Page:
A Gravel Danger
Air Date: Week of October 14, 2011
The landscape of Cappadocia, Turkey, mirrors stone formations found in Dunn County, such as the tall, thin spires capped with harder stone, called fairies chimneys. Both areas experienced volcanic activity that produced erionite, millennia ago. (Photo: wikimedia)
Asbestos exposure can cause the deadly cancer mesothelioma but a lesser-known mineral called erionite is even more potent than asbestos, and it’s completely unregulated. Erionite is found in rock formations in at least a dozen U.S. western states. Aubrey Miller, Senior Medical Advisor for the National Institute of Environmental Health Sciences, led a study on the health effects of erionite exposure. He tells host Bruce Gellerman about the dangers of the naturally occurring mineral and its public health implications.
GELLERMAN: It’s Living on Earth, I'm Bruce Gellerman. Chances are, if you watch late-night TV, you’ve seen an ad like this:
[AD: Attention if you've been diagnosed with mesothelioma, a rare form of lung cancer, normally caused by exposure to asbestos you may qualify for a cash settlement. I'm attorney Bob Goldwater. If you’ve been diagnosed with mesothelioma, call me right now.]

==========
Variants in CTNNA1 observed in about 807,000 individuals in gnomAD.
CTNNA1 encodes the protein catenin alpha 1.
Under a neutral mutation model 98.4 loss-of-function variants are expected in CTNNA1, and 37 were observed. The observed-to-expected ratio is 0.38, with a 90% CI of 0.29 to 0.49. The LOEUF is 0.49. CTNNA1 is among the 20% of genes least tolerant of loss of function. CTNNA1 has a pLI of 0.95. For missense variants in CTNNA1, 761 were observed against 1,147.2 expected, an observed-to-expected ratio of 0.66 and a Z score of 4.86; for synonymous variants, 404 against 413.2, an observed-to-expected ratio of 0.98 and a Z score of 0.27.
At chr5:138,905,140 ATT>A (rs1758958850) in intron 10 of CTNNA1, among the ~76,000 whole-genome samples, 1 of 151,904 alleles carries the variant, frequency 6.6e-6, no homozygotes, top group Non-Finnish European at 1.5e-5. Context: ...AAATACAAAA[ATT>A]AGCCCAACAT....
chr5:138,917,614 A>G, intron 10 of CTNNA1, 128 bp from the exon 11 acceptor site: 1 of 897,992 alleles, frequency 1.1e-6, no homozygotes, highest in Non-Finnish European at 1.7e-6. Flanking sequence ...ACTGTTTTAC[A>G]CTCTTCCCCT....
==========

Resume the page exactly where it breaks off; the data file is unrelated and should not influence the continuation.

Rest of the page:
GELLERMAN: Mesothelioma is rare in most places, but not in the small town of Libby, Montana. About 400 residents there have died and 17 hundred are sick from their exposure to asbestos released from a mine owned by W.R Grace & Company.
The EPA declared Libby its first public health emergency, and has spent nearly 400 million dollars cleaning the mess up. Residents charge state officials knew all along the mineral dust was killing them, yet failed to intervene. So they filed a lawsuit, and this week, a Montana judge approved a 43 million dollar settlement.
Now, federal health officials say mesothelioma can also be caused by an even deadlier, but less known mineral - erionite. The National Institute of Environmental Health is investigating this unregulated substance. Epidemiologist Dr. Aubrey Miller, Captain in the U.S. Public Health Service, is the lead researcher.
MILLER: Well, erionite is a mineral fiber and it’s very similar in its look to asbestos. These fibers are naturally occurring in rocks, primarily ones that are formed from volcanic activity millions of years ago. And as you disturb the rocks, or you break them open, they release the mineral fibers. It’s actually found in about 12 states. You know, mostly out west. As we begin to develop more and more, we’re beginning to get into it more and more.
GELLERMAN: Well, I guess people in Dunn County, North Dakota, drive over it quite a bit!
MILLER: Yeah, so there’s a situation - they have these small mountains or hills that they use for rock. And they were mining those hills for rock to use on their roads, and had been doing so for several decades, and unbeknownst to them, that rock contained amounts of erionite, and they would grind it up, and use the rock on roads. Several hundred miles worth of roads within North Dakota, and I think it extends Montana and South Dakota, we’ve been told.
GELLERMAN: So you did some sampling and what did you find?